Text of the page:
At one point James writes,
It’s a bit like going on holiday: it’s only a bad use of money if you don’t end up enjoying the break. The financial return is hugely negative but that’s fairly irrelevant when one’s enjoying a hike in the French Alps or lounging on the beach in Mallorca. What we really need to ask is whether the public gets sufficient enjoyment from hosting events like the America’s Cup.To say the financial return to you holiday is hugely negative is to say the financial return to all consumption is hugely negative. Of course it is, we spend the money to gain the utility from the consumption. Going on a holiday of your choosing is about utility maximisation. You are spending your money to purchase a consumption bundle of your choosing. Having the America's Cup here is more like someone telling you that you will go on holiday, whether you want to go or not, telling you where you will go, whether or not you want to go there, and telling you how long your holiday will be, no matter how long you want it to be. And to cap it all off, they then make you pay for it! A forced holiday isn't about maximising your utility, you get the consumption bundle whether you want it or not. You suffer a hugely negative financial return with no guarantee that you get any utility from it at all. Someone else's utility is being maximised and you, as a ratepayer and/or taxpayer, get to pay for it.
The obvious answer is ‘yes’, nations compete to host events and have done for as long as historical records exist. Hosting is incredibly prestigious and competitive, which suggests that there is no shortage of benefit from hosting. It isn't as if the legacy of hosting large events is unknown, yet cities and nations continue to bid huge sums for them despite that.There may be benefits to hosting such events but those benefits go to a very small group who pay very, very, little of the costs of hosting. The people who make the decisions about hosting don't pay the bill. That they may well make an inefficient decision is hardly surprising given this.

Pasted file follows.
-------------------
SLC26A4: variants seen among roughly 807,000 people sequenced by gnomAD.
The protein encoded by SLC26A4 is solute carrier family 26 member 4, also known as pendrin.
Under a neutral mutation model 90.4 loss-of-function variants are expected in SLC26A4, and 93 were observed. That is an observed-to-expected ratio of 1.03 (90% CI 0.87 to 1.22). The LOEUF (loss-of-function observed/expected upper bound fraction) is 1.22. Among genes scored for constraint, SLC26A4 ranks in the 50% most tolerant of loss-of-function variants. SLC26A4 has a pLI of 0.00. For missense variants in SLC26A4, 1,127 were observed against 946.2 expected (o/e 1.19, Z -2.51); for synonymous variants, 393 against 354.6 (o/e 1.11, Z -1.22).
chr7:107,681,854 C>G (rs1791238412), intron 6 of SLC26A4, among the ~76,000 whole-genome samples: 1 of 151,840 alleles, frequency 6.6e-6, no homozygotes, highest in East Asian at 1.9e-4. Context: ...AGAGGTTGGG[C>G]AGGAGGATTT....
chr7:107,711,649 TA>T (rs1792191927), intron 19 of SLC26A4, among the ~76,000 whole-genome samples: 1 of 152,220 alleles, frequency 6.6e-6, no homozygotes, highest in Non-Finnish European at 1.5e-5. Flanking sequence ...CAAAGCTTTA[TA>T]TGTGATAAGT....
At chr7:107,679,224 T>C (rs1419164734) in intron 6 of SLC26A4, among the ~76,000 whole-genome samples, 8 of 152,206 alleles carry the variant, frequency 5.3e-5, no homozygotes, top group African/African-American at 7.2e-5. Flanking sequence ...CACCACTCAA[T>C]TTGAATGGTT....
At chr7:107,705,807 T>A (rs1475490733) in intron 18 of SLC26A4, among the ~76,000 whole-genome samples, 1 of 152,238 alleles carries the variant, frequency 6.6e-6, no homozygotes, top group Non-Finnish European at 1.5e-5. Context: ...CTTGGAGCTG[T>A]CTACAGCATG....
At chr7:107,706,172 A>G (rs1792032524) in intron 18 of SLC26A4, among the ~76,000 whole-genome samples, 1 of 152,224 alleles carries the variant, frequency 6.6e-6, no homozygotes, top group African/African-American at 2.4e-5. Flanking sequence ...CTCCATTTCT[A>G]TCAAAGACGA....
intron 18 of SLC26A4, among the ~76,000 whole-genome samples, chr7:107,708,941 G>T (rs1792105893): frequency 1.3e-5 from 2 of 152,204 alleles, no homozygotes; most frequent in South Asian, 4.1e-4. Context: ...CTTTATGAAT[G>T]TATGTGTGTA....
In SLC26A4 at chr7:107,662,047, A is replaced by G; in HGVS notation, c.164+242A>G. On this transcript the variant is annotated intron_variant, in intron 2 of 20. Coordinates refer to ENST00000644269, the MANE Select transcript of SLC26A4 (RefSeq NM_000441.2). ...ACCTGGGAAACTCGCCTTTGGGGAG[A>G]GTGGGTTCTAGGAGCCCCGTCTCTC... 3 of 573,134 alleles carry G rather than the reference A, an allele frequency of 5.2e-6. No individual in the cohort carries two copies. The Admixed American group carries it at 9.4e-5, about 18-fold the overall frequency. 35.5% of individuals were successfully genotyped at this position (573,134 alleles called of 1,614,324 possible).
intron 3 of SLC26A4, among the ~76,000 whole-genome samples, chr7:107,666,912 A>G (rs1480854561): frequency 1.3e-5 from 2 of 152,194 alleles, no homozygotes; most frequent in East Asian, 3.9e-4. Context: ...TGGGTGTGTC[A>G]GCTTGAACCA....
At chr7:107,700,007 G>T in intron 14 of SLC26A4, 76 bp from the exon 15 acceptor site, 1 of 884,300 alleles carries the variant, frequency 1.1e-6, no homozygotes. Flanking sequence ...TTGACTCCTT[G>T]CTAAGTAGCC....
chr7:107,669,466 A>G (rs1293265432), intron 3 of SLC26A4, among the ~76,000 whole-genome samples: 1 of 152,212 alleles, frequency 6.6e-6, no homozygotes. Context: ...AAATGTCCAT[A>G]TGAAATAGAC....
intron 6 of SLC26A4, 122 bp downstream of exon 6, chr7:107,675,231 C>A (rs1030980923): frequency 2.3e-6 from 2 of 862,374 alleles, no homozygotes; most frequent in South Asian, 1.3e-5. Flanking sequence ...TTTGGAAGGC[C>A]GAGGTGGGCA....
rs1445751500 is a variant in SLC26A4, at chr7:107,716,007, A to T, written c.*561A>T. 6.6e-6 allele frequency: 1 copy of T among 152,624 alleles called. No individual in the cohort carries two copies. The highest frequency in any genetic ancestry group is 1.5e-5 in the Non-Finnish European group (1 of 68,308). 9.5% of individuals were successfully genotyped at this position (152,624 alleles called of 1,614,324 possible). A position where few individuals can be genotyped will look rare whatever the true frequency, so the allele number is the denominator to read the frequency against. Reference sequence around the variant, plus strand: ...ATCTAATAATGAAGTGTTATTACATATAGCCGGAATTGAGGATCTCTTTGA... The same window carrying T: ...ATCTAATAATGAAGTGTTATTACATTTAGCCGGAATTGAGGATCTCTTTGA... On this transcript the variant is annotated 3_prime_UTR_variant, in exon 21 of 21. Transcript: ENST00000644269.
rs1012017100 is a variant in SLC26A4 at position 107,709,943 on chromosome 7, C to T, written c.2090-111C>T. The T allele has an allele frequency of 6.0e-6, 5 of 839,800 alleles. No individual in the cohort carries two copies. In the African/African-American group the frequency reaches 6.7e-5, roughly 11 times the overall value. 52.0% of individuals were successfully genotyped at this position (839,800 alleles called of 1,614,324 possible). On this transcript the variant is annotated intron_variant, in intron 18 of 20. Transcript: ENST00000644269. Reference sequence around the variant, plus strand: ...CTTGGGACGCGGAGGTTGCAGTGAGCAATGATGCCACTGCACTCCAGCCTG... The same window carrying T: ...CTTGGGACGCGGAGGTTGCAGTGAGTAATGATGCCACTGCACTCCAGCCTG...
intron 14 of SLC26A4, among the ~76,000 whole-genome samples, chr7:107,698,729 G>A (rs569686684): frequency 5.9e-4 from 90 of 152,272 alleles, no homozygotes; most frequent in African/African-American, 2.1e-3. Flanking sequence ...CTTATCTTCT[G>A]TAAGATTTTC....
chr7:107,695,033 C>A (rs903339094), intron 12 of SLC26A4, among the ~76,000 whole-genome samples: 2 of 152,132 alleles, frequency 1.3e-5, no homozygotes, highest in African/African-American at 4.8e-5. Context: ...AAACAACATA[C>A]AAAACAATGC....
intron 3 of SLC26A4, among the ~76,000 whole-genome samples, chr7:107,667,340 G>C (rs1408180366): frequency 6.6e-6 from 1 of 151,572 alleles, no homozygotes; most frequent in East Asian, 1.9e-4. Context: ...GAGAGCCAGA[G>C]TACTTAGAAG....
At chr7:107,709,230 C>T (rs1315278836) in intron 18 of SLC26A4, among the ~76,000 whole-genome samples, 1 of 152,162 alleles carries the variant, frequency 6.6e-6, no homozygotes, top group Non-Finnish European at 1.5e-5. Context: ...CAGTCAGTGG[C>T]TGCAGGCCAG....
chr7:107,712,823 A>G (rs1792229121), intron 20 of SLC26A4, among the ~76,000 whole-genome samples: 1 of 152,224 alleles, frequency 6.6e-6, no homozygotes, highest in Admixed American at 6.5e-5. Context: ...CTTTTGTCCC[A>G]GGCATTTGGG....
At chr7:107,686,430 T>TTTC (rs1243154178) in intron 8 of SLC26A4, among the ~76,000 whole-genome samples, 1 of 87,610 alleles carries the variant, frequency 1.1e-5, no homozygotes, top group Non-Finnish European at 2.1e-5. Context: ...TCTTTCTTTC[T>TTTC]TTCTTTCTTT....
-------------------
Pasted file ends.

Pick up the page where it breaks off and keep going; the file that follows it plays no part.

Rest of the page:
James ends by saying,
So long as people know what they’re paying for the thrill, we shouldn’t worry too much about the money.But if you want to host on the grounds that some people will get positive utility from the "thrill" of hosting then you have to net out the negative utility that other people suffer from hosting. You must consider both sides of the ledger. It's the net-thrill that matters.
Update: Brennan McDonald makes the sensible point that If We Host The America’s Cup, Kickstarter Financing Is The Only Responsible Choice